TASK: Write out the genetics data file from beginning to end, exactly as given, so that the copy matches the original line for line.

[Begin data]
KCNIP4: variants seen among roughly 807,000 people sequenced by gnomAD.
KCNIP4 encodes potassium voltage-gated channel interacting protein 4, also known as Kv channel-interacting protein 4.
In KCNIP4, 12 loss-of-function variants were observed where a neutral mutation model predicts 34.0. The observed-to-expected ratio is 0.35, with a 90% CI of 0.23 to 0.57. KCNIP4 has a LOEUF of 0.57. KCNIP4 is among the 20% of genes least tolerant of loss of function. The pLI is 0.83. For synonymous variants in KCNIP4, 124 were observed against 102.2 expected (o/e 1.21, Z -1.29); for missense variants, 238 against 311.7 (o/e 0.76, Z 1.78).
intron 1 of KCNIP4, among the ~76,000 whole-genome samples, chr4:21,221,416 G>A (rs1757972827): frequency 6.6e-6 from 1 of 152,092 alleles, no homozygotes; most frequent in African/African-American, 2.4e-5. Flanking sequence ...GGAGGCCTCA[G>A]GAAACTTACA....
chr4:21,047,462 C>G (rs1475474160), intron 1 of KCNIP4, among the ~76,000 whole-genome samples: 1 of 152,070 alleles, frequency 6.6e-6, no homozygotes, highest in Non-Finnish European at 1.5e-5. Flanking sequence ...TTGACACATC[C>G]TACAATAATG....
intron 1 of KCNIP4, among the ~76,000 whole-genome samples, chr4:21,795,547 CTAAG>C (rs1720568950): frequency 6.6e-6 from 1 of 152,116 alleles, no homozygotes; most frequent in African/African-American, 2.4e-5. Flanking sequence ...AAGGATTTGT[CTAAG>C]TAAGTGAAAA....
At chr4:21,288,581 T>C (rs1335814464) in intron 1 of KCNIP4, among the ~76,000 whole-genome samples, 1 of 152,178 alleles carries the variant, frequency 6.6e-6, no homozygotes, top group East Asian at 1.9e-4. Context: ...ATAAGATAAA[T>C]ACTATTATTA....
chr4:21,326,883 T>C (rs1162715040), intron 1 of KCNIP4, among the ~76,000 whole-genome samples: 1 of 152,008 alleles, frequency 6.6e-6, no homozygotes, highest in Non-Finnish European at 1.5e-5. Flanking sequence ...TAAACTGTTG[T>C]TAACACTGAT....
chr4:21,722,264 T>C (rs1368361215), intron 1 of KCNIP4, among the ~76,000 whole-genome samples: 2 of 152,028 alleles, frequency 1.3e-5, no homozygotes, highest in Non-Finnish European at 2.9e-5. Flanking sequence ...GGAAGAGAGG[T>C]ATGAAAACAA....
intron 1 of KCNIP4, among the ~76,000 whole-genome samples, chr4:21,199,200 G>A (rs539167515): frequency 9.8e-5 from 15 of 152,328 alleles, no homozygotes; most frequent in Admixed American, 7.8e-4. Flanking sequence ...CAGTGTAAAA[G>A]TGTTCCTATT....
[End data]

KCNIP4: variants seen among roughly 807,000 people sequenced by gnomAD.
KCNIP4 encodes potassium voltage-gated channel interacting protein 4, also known as Kv channel-interacting protein 4.
In KCNIP4, 12 loss-of-function variants were observed where a neutral mutation model predicts 34.0. The observed-to-expected ratio is 0.35, with a 90% CI of 0.23 to 0.57. KCNIP4 has a LOEUF of 0.57. KCNIP4 is among the 20% of genes least tolerant of loss of function. The pLI is 0.83. For synonymous variants in KCNIP4, 124 were observed against 102.2 expected (o/e 1.21, Z -1.29); for missense variants, 238 against 311.7 (o/e 0.76, Z 1.78).
intron 1 of KCNIP4, among the ~76,000 whole-genome samples, chr4:21,221,416 G>A (rs1757972827): frequency 6.6e-6 from 1 of 152,092 alleles, no homozygotes; most frequent in African/African-American, 2.4e-5. Flanking sequence ...GGAGGCCTCA[G>A]GAAACTTACA....
chr4:21,047,462 C>G (rs1475474160), intron 1 of KCNIP4, among the ~76,000 whole-genome samples: 1 of 152,070 alleles, frequency 6.6e-6, no homozygotes, highest in Non-Finnish European at 1.5e-5. Flanking sequence ...TTGACACATC[C>G]TACAATAATG....
intron 1 of KCNIP4, among the ~76,000 whole-genome samples, chr4:21,795,547 CTAAG>C (rs1720568950): frequency 6.6e-6 from 1 of 152,116 alleles, no homozygotes; most frequent in African/African-American, 2.4e-5. Flanking sequence ...AAGGATTTGT[CTAAG>C]TAAGTGAAAA....
At chr4:21,288,581 T>C (rs1335814464) in intron 1 of KCNIP4, among the ~76,000 whole-genome samples, 1 of 152,178 alleles carries the variant, frequency 6.6e-6, no homozygotes, top group East Asian at 1.9e-4. Context: ...ATAAGATAAA[T>C]ACTATTATTA....
chr4:21,326,883 T>C (rs1162715040), intron 1 of KCNIP4, among the ~76,000 whole-genome samples: 1 of 152,008 alleles, frequency 6.6e-6, no homozygotes, highest in Non-Finnish European at 1.5e-5. Flanking sequence ...TAAACTGTTG[T>C]TAACACTGAT....
chr4:21,722,264 T>C (rs1368361215), intron 1 of KCNIP4, among the ~76,000 whole-genome samples: 2 of 152,028 alleles, frequency 1.3e-5, no homozygotes, highest in Non-Finnish European at 2.9e-5. Flanking sequence ...GGAAGAGAGG[T>C]ATGAAAACAA....
intron 1 of KCNIP4, among the ~76,000 whole-genome samples, chr4:21,199,200 G>A (rs539167515): frequency 9.8e-5 from 15 of 152,328 alleles, no homozygotes; most frequent in Admixed American, 7.8e-4. Flanking sequence ...CAGTGTAAAA[G>A]TGTTCCTATT....